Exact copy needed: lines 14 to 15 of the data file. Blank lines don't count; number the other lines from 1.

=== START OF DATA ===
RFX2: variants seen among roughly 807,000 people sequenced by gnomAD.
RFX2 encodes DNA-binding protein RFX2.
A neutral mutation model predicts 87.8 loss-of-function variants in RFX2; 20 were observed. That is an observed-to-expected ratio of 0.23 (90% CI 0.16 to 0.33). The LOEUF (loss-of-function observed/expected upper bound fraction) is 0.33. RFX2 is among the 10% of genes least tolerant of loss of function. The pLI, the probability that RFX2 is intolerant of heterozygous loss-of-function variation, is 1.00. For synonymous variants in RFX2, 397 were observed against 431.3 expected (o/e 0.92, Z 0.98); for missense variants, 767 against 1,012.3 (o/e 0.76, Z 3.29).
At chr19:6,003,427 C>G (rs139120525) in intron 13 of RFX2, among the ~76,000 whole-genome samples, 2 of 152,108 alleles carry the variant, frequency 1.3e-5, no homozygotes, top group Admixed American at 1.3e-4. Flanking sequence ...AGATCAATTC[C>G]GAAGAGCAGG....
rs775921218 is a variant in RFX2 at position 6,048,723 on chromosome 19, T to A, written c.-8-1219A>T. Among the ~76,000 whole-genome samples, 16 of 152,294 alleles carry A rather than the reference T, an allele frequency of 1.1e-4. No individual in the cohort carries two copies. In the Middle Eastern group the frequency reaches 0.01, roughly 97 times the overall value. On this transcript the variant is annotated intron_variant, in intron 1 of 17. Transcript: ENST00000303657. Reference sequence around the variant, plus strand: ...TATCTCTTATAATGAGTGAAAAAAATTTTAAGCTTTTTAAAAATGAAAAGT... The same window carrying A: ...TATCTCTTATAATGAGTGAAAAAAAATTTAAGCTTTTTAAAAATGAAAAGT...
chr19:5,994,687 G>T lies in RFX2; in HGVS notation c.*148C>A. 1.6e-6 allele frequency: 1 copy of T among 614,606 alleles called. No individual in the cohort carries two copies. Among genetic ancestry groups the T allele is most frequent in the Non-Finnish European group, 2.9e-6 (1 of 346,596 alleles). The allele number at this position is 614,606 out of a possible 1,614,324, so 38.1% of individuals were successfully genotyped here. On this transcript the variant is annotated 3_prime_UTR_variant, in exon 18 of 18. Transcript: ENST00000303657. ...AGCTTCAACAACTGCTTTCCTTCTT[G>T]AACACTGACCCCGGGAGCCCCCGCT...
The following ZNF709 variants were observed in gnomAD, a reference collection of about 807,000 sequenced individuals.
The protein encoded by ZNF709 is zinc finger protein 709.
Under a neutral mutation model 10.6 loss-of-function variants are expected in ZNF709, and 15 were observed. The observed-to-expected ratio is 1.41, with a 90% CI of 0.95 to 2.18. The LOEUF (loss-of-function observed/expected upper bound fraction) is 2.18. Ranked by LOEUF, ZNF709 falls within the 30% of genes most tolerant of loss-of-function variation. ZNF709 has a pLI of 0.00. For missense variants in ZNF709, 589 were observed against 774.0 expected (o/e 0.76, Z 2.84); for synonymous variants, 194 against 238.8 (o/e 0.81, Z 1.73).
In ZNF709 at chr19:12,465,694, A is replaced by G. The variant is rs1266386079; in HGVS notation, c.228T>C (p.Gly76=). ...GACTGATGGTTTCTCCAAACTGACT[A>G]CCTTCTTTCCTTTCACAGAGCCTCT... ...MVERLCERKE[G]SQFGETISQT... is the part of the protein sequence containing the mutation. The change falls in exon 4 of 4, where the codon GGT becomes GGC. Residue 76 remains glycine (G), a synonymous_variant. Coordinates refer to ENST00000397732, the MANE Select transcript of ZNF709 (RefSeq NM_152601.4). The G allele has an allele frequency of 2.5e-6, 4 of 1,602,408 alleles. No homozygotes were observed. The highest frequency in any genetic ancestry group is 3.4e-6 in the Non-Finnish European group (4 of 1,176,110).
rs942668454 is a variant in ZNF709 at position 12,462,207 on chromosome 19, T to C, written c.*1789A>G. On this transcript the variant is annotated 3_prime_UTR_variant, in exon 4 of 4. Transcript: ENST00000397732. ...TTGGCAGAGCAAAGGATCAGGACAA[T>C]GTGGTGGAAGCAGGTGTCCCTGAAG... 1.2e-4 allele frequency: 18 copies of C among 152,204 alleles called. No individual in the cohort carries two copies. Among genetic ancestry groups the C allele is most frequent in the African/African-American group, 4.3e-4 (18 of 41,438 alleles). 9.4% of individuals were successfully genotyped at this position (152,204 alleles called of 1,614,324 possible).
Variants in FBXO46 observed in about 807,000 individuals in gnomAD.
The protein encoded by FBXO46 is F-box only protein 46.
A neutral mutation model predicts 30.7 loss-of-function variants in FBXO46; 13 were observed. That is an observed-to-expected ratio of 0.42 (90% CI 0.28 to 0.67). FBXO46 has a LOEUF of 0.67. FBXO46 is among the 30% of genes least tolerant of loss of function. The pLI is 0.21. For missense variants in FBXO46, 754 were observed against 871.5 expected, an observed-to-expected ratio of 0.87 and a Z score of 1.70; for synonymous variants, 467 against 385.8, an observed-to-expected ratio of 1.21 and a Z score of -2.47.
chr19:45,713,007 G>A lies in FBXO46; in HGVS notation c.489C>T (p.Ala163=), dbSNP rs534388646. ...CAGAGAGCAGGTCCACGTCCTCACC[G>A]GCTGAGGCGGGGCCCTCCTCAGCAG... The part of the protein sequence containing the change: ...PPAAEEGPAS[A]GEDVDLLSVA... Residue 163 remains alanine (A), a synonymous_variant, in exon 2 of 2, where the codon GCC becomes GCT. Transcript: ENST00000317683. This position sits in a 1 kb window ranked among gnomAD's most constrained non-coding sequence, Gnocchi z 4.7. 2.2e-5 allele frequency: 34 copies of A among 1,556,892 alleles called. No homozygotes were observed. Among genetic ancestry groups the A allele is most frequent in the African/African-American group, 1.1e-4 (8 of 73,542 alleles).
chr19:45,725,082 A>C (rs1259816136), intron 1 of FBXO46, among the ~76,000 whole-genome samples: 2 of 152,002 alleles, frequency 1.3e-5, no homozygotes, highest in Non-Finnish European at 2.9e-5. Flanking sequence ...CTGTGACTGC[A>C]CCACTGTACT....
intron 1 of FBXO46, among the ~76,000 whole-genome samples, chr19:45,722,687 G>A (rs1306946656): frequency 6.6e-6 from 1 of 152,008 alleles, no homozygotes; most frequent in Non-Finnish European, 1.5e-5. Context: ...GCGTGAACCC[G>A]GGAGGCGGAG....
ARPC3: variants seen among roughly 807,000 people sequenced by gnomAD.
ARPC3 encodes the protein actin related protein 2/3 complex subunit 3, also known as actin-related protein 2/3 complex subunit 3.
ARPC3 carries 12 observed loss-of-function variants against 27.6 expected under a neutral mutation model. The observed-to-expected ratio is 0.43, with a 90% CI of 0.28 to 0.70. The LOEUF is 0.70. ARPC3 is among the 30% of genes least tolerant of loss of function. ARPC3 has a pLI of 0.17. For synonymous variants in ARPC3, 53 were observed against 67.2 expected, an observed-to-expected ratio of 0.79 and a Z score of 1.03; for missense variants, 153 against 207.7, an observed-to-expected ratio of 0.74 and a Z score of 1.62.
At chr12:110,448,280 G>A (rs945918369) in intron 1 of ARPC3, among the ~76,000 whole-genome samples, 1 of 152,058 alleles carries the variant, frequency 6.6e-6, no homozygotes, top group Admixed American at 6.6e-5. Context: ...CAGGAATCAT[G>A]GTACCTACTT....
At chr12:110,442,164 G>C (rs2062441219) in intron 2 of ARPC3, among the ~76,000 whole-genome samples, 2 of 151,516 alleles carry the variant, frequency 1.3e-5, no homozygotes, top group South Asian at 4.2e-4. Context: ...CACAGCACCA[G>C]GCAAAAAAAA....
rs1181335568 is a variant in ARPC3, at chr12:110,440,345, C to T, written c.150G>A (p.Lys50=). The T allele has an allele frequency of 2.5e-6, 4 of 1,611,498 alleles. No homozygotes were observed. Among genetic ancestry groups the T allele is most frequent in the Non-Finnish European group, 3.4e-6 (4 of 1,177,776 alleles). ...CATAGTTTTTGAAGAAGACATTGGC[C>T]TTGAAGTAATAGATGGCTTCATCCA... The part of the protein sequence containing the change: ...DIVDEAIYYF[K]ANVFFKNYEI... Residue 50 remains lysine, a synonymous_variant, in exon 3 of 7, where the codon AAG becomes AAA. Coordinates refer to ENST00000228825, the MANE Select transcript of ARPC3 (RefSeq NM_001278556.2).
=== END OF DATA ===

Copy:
A neutral mutation model predicts 30.7 loss-of-function variants in FBXO46; 13 were observed. That is an observed-to-expected ratio of 0.42 (90% CI 0.28 to 0.67). FBXO46 has a LOEUF of 0.67. FBXO46 is among the 30% of genes least tolerant of loss of function. The pLI is 0.21. For missense variants in FBXO46, 754 were observed against 871.5 expected, an observed-to-expected ratio of 0.87 and a Z score of 1.70; for synonymous variants, 467 against 385.8, an observed-to-expected ratio of 1.21 and a Z score of -2.47.
chr19:45,713,007 G>A lies in FBXO46; in HGVS notation c.489C>T (p.Ala163=), dbSNP rs534388646. ...CAGAGAGCAGGTCCACGTCCTCACC[G>A]GCTGAGGCGGGGCCCTCCTCAGCAG... The part of the protein sequence containing the change: ...PPAAEEGPAS[A]GEDVDLLSVA... Residue 163 remains alanine (A), a synonymous_variant, in exon 2 of 2, where the codon GCC becomes GCT. Transcript: ENST00000317683. This position sits in a 1 kb window ranked among gnomAD's most constrained non-coding sequence, Gnocchi z 4.7. 2.2e-5 allele frequency: 34 copies of A among 1,556,892 alleles called. No homozygotes were observed. Among genetic ancestry groups the A allele is most frequent in the African/African-American group, 1.1e-4 (8 of 73,542 alleles).